Pet Med – An Overview

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Pet meds are a hot topic. They often come up in pet discussion forums, pet articles, pet blogs, and pet discussions. Pet meds are an interesting topic because they can literally make or break your pet’s health–they have the power to heal your pet or cause them harm. In this article, we will explore pet med reviews and get into what you should know before making a decision about whether or not pet med is right for your pet.

What is pet med?

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Pet med is a broad term that refers to all medications used to treat pets. This includes both over-the-counter pet medications and prescription pet medications. The most common pet meds are pet antibiotics, pet pain relief, pet joint supplements, and pet heartworm preventatives.

Before we discuss pet meds, pet medications, pet antibiotics, pet pain relief, pet joint supplements, and pet heartworm preventatives further let’s look at how pet med is different from other medicines.

Is pet medicine different from human medicine?

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The short answer to this question is yes. In fact, there are several crucial differences between pet meds and human meds.

Pet meds are different from human meds because pet medications are created specifically for pet consumption, pet medications cannot be taken by humans, pet medications are dispensed differently than human medicine is dispensed, pet medications are often shorter acting or longer-acting than their human counterparts, pet medications are sometimes combined with additives that make them palatable to pets but would make them unpalatable to people.

Pet Medications Are Created Specifically For Pet Consumption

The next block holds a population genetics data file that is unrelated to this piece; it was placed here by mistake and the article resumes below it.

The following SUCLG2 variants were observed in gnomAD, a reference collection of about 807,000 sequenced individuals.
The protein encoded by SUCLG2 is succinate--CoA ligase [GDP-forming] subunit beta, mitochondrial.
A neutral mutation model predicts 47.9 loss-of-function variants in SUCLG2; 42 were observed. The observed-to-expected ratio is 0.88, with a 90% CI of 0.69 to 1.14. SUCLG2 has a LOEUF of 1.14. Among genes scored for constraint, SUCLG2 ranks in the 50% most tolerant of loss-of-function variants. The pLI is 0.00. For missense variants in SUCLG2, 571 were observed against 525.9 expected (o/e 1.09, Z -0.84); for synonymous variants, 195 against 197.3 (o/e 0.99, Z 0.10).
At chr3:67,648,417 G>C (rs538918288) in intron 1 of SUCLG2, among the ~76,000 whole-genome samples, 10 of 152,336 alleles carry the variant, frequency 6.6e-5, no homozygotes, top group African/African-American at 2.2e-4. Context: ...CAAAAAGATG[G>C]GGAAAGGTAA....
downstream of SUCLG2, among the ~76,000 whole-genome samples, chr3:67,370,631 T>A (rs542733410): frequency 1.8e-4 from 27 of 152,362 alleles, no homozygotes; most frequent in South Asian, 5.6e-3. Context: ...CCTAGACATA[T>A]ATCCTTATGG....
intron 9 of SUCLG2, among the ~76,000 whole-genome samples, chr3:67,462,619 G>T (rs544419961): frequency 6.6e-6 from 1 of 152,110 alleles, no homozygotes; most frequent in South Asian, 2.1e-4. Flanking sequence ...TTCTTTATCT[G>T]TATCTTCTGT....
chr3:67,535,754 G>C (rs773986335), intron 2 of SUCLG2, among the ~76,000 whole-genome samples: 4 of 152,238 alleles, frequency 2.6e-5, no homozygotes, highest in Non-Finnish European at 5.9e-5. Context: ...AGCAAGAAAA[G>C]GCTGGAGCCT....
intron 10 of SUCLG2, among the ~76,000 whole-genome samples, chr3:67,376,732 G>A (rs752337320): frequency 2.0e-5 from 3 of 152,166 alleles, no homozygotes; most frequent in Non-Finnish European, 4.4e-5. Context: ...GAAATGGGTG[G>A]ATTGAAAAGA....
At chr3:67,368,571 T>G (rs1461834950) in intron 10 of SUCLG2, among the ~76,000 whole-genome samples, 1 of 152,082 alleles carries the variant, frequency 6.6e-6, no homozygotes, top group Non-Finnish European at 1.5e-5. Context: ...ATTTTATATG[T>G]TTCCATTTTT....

Many pet owners and pet lovers don’t know this fact: pet medicine/pet medication is not the same as human medicine/human medication—companies do not create a product and then market it to both sides of the species barrier. Rather, companies create pet medicine/pet medication specifically for pet consumption and pet safety.

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This is particularly important to note when taking pet medications because pet meds are not regulated in the same way that human meds are—there is no such thing as FDA-approved pet meds, pet manufacturers do not need to run their pet medicines through clinical trials as human medicines must, and pet medications often contain additives that make them palatable but would be dangerous for people to ingest.

Pet Medications Cannot Be Taken By Humans

Did you know that pharmaceutical companies cannot legally sell a product intended for pets if that product can also be used by humans? It’s true: pet medications cannot be sold if they can be used by people! This is why pet medications are often dispensed in different ways than human medications are.

Pet Medications Are Dispensed Differently Than Human Medicines Are

When you go to the pharmacy to pick up your antibiotics, the pharmacist will ask for your weight and then give you a dose that corresponds with your weight. This is not how pet meds are dispensed.

Rather, pet meds are dispensed according to the pet’s weight and size. This is because pet doses are not based on human doses (which would be absurd because a 150-pound person would require a very different dose of medication than a 5-pound Yorkie).

Another reason pet medications are dispensed differently than human medications is because pet medications often contain additives that would be dangerous to humans but pet-safe. One example of this is pet meds containing sweeteners such as xylitol. Xylitol can cause liver failure and even death if ingested by a person, yet pet medications containing xylitol are allowed because they’re perfectly safe for pets (who don’t metabolize alcohol the same way people do).

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Pet Medications Are Often Shorter-Acting Or Longer-Acting Than Their Human Counterparts

For pet owners who give their pet medications regularly (for chronic treatments like arthritis or seizures), it may not make sense why pet meds are sometimes shorter-acting than human meds–especially when the medication has the same active ingredient as its human counterpart.

The reason pet medications are sometimes shorter-acting is that pet manufacturers want to ensure that pet medications are safe for pet consumption and will not cause adverse effects. Pet manufacturers also want to make sure that pet medications are affordable for pet owners. Given these two priorities, it’s often the case that pet medications have a shorter half-life than their human counterparts.

We hope this article has been informative and helpful! If you have any questions, please don’t hesitate to reach out to us.

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